September 4 2012
The Grocery Scold
Earlier today, I praised the First Lady for offering the American public useful advice on how to shop at the grocery store. Her guidance provided individuals, not the government, the power to make good food decisions. Bravo!
Well, I was snapped back to reality when I read about a Parade Magazine interview with the First Lady in which they asked what she hopes to accomplish in her second term (I kinda love how they say “second term” like she’s elected to office and has these major policy issues to tackle).
Regaining her love of regulation, the First Lady responded with a predictable goal: she wants to "impact the nature of food in grocery stores" with the aim of cutting sugar, fat and salt. Translation: If you don’t comply with my super-helpful grocery store shopping advice, I’ll simply push to regulate the holy heck out of grocery stores so that the products of which I disapprove (salty snacks, high-fat foods, soda and sugary drinks) are no longer available.
But, is this news? Is it a shocking admission? Not if you’ve been listening to the White Houses’ messaging on food for the past several years—particularly to Michelle Obama’s statements on how the government has an important role in “guiding” Americans toward better eating and how that guidance might just include the regulation of businesses—like grocery stores, food manufacturers and restaurants.
Let’s take a look back:
Speaking at a meeting of the Grocery Manufacturers Association in March 2010, Mrs. Obama told food makers they should “entirely rethink the products that you're offering." That’s right, companies should completely change products that are taste good and are popular with consumers to satisfy the government. That sounds like a super recipe for business success!
About grocery stores, in 2010, the First Lady said, “We can build shiny new supermarkets on every block, but we need those supermarkets to actually provide healthy options at prices people can afford.” Yes, this would be a great quote if indeed it was true that grocery stores don’t already stock healthy food at low prices but then, one suspects Michelle Obama hadn’t done much shopping in the past decade (let’s not forget, she had a personal chef in Chicago before heading to the White House).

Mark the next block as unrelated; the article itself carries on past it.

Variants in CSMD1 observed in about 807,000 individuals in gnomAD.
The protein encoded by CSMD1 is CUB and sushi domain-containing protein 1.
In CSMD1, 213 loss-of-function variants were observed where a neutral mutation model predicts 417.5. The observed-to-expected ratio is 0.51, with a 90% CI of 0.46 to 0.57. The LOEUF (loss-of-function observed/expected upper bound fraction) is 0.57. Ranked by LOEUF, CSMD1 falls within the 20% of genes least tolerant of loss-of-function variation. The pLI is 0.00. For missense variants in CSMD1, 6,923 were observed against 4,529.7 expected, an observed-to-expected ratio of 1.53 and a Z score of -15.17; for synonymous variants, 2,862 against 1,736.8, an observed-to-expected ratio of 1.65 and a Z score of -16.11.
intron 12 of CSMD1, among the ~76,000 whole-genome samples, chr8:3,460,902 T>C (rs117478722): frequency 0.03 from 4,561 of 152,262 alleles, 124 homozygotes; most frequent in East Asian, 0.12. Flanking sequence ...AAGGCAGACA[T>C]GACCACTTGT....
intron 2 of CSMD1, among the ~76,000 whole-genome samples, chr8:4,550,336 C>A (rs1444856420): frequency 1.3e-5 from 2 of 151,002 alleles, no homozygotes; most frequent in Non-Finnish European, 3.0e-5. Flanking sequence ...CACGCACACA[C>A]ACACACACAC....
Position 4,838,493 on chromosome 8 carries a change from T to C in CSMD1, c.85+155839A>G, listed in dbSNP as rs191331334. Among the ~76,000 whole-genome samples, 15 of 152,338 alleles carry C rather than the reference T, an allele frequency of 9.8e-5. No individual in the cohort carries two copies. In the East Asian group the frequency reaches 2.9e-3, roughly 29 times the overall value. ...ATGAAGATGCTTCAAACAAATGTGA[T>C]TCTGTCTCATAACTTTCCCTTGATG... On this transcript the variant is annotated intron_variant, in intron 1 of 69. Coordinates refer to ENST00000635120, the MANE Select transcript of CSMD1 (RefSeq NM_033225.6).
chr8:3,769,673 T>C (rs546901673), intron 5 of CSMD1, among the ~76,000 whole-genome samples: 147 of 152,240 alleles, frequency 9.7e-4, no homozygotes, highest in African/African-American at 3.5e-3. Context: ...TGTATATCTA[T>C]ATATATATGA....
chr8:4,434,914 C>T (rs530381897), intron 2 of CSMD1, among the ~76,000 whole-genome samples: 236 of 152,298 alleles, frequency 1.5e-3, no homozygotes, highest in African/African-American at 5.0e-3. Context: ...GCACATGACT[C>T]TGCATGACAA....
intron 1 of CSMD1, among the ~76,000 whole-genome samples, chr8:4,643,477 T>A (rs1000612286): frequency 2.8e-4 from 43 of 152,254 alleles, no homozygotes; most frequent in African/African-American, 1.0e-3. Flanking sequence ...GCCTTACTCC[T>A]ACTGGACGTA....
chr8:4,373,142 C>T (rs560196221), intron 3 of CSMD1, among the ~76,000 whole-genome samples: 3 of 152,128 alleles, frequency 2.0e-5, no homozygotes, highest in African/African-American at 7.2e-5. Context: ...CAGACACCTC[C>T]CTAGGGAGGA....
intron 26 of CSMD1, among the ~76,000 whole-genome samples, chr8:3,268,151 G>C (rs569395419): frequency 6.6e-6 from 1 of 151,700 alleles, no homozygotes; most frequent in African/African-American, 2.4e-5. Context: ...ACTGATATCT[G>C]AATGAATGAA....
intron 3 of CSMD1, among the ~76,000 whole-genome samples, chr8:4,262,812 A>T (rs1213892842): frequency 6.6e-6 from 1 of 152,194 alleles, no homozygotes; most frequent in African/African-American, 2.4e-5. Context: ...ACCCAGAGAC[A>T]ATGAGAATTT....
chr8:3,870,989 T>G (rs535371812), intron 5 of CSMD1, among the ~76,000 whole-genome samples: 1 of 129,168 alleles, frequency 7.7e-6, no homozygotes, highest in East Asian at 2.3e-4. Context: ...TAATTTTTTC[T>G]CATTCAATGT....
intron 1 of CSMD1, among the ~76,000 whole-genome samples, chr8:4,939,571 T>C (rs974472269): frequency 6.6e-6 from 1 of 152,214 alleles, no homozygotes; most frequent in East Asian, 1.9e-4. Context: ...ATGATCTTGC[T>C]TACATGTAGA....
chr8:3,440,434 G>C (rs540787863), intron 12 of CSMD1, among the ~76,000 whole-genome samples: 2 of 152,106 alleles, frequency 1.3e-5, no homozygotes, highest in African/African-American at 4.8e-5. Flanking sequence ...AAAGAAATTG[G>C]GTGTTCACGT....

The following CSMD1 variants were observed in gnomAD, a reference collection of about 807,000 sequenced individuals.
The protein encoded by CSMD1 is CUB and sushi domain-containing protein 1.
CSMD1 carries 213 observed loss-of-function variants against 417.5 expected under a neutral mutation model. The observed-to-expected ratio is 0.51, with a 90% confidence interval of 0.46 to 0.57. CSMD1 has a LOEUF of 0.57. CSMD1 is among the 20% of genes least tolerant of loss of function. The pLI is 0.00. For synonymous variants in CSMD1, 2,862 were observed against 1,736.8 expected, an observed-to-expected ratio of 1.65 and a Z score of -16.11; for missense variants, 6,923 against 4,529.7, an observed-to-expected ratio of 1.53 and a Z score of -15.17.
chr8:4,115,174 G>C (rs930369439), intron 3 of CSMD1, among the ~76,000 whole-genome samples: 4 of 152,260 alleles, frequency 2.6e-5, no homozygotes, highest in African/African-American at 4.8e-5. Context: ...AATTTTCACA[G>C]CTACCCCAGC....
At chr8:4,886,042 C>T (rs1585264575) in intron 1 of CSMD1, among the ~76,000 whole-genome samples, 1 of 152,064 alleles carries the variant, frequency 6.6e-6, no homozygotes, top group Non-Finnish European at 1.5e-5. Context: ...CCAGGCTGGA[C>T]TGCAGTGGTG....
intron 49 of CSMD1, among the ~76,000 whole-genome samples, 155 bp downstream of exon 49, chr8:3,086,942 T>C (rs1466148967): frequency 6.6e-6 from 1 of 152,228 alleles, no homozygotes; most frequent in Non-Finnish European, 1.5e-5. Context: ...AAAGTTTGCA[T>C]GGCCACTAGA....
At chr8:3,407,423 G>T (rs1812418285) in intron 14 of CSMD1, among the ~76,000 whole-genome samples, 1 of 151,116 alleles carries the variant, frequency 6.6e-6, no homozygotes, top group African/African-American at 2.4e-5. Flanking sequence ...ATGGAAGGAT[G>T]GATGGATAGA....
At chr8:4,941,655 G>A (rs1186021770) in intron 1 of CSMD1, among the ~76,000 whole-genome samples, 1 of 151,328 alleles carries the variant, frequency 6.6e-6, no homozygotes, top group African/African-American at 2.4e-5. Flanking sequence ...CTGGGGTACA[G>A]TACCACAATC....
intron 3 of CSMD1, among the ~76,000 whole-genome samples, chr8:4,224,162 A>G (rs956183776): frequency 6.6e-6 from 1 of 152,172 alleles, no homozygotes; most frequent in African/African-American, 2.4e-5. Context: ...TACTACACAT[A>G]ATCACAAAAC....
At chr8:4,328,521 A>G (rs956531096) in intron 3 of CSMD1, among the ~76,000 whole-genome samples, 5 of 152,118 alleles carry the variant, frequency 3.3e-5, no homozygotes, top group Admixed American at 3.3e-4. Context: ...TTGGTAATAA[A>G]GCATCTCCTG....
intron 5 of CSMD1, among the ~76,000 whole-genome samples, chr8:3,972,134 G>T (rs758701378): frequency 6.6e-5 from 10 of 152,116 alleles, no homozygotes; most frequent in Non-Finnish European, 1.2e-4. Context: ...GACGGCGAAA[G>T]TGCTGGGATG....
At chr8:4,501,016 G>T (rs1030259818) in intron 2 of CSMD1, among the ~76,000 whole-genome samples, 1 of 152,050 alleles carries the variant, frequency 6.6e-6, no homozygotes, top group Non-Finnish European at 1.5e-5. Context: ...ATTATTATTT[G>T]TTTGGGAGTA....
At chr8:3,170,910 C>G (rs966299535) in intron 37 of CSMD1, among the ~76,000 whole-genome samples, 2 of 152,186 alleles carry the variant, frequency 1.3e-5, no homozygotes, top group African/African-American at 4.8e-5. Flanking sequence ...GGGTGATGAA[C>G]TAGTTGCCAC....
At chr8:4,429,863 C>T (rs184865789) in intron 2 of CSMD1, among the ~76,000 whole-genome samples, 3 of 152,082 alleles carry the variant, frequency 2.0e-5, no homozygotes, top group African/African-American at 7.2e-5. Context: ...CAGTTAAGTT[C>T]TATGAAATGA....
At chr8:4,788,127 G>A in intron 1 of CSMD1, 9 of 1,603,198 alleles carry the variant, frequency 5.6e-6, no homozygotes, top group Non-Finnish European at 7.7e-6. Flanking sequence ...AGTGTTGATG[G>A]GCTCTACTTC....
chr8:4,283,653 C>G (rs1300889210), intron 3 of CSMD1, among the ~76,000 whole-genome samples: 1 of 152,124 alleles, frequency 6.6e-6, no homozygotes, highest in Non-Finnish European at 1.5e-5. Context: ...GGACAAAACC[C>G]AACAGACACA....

Of course, the First Lady has some support in the food industry. For example, Wal-Mart—the county’s largest grocery store chain--was more than happy to make a deal; agreeing to lower the salt and sugar content in their house products as well as requiring all suppliers to reformulated sodium and sugar levels in their products in order to be stocked in a Wal-Mart store. Of course, Wal-Mart was smart to acquiesce to White House pressure; after all, the super store was eager to expand into urban areas (a move usually blocked by big labor and liberal community activist organizations) and the First Lady’s efforts to reduce food deserts was the perfect foil (never mind that food deserts don’t really exist).
Restaurants have also been in the Obama Administration’s crosshairs. From the menu labeling requirements included in Obamacare (which is already causing difficulty for some restaurants) to the First Lady’s criticism of serving sizes and of particular ingredients (like salt and sugar) and menu items, restaurants have been dealing with a hostile and hyper regulatory administration at a time when the economy is keeping customers away. Of course, Darden Restaurants who endorsed Michelle Obama’s “suggestions” for smaller portions and less tasty food seems to be feeling the pinch of government regulations in their slumping sales. Perhaps the company forgot the basic rules of running a restaurant--when people go out to eat, they want the food to taste good and they want to feel like they’ve gotten a good deal for their money.
Of course, none of this silly food regulation would be necessary if the Obama administration simply had faith in the American public to make good food decisions. But they don’t and that lack of faith was never more apparent than when Mrs. Obama, without a shred of understanding of the offensive nature of her statement, offered a bizarre explanation on the importance of government regulation, saying: “We can give parents all the information in the world, but they still won't have time to untangle labels filled with 10-syllable words or do long division with these portion sizes.”
It’s clear the First Lady views the average shopper is addled, way too busy, and lacking in the basic math skills required for making nutritious food decisions. It’s no wonder she feels it’s her duty to help us during her “second term” in office.